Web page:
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World’s Smallest Escape Room is a Claustrophobic Coffin Nightmare

Do you love escape rooms, but hate being alive? Are you a Vampire trying to spice up date night? Are you just really, really bored? If so, “Catalepsy,” the world’s smallest escape room, might be the place for you.

By Odd News Show Staff · March 7, 2024

Get Buried Alive in the Latest Iteration of Escape Rooms

Barcelona’s Horror Box offers a mortuary-themed experience where participants solve puzzles inside coffins. For some it plays on the 19th-century fear known as taphophobia, for others it’s just what they think happens when we die, but for Catalepsy’s paying customers, it’s an immersive encounter blending history, technology, and the eventual realization that it has absolutely nothing to do with cats.

If you don’t count poorly guarded prisons, escape rooms have only been a global phenomenon since 2007, constantly reinventing themselves to captivate participants and enrich their therapists with new and innovative concepts. Horror Box - not to be confused with the failed nineteenth-century feminine products manufacturer, is a Barcelona-based entertainment company that has introduced Catalepsy, the world’s smallest escape room, or, if you’re an optimist, the most puzzle-friendly coffin.

Catalepsy delivers a mortuary-themed experience that is not for the faint-hearted. Named after a medical condition (again, not a feline one) often mistaken for death,  Catalepsy plunges participants into a heart-pounding 30-minute challenge of freeing themselves from inside a coffin.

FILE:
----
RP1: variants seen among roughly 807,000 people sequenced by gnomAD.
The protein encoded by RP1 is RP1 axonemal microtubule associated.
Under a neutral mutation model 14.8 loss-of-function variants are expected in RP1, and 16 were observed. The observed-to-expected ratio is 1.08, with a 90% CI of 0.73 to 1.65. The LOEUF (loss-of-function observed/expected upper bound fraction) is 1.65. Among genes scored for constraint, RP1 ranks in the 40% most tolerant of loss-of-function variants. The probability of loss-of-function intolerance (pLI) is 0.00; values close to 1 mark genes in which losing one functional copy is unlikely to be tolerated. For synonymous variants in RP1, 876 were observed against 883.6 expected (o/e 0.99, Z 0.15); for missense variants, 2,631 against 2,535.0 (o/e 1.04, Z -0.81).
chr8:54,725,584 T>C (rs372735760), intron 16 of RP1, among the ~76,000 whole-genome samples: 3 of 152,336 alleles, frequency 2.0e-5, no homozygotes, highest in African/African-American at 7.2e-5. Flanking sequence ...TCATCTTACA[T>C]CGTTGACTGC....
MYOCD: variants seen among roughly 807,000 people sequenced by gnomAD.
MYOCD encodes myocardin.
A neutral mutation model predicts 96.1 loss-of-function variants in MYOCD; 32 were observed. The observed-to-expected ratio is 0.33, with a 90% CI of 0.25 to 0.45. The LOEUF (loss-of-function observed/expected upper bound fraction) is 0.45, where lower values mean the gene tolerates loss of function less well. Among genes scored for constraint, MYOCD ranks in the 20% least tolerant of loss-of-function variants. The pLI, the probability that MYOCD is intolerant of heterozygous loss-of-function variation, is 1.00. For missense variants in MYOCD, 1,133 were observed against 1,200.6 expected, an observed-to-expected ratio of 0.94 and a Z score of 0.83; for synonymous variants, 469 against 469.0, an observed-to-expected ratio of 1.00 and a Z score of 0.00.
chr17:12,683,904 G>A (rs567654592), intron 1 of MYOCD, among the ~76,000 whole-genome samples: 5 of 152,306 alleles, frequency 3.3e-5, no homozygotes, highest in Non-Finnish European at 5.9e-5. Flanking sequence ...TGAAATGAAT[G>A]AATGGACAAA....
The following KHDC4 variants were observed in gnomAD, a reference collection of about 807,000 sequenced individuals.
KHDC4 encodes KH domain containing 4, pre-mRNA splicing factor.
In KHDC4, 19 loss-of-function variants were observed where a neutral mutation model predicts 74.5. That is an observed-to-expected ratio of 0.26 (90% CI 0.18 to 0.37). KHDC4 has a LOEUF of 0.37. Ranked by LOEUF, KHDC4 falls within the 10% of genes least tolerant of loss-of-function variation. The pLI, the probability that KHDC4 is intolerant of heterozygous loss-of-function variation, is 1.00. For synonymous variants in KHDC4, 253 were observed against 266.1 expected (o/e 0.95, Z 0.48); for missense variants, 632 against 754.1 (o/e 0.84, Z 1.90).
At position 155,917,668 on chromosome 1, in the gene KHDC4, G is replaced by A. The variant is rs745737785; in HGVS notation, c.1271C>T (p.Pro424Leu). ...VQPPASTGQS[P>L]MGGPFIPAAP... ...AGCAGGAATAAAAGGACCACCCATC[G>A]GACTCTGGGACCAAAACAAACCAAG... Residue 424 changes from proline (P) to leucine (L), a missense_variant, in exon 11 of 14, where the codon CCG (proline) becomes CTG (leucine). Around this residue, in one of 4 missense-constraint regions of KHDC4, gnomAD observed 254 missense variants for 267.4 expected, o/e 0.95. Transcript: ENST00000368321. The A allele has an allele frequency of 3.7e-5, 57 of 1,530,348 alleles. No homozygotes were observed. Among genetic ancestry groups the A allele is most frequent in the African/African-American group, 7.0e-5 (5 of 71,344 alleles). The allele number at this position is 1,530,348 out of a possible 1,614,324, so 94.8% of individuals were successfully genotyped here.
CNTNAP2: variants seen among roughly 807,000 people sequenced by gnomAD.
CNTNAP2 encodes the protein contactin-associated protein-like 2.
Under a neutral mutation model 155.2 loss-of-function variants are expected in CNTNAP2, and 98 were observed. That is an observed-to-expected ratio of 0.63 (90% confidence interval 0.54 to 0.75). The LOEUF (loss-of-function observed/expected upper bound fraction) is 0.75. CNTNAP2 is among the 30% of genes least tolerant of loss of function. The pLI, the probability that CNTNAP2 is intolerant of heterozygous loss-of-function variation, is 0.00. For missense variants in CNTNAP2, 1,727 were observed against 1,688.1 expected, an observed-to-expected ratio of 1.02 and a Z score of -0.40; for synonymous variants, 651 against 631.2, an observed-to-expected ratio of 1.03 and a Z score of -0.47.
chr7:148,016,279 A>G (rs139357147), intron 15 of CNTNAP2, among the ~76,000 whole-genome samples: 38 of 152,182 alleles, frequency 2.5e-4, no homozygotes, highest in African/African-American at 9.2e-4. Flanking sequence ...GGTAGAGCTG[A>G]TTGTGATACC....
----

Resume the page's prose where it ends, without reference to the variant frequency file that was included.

Done in the less traditional coffin escape method of doing puzzles and having a coffin buddy, Catalepsy is designed for two players who must collaboratively solve intricate puzzles with a partner confined in a neighboring casket, communicating solely via strategically placed loudspeakers that ironically are the same brand of speakers we had installed in my grandma’s coffin.

Aurora Alvarino,  the gamemaster (her coworkers do call her the Crypt Keeper behind her back) oversees the ordeal, not unlike some sort of pervert, through CCTV cameras. She describes escape rooms as “a gym for the mind,” pushing participants to broaden their mental boundaries in this macabre setting, and leveling the playing field for those who don’t also attend, “a gym for the body.”

Catalepsy draws inspiration from the 19th-century fear of being buried alive (as opposed to the 20th century when it was just a thing), known as taphophobia, as explored in Edgar Allan Poe’s short story “The Premature Burial,” later adapted into a film in 1962, and then later into a euphemism for the shame that immediately follows a man’s overexuberance in the bedroom. Players can personalize several aspects when  booking their tickets, including selecting the type of casket or even choosing a virtual  “cremation” complete with simulated flames, artificial smoke, and sideways glances  from religious older relatives 

This extreme escape room experience aims to recreate a situation that, as Alvarino  (who may not fully understand how a funeral works) puts it, “sooner or later we’ll all  experience: your own funeral.”

Like my guillotine-inspired cheese grater, this immersive encounter promises a blend of historical inspiration and cutting-edge technology,  lingering long after the coffin lid is opened, the puzzles are solved, and the weeks of nightmares have slowed. 

The reviews from participants speak volumes about the impact of Catalepsy. One  individual shared, “It’s a must! I really recommend it,” as her boyfriend muttered, “for someone you hate.”

As the smallest escape room in the city - the escape from the mausoleum is technically bigger, it’s making a big impact on those who dare to take on the challenge, providing an adventure like no other and solidifying its place as a must-visit attraction for thrill seekers - especially the ones who like to take their thrills laying down.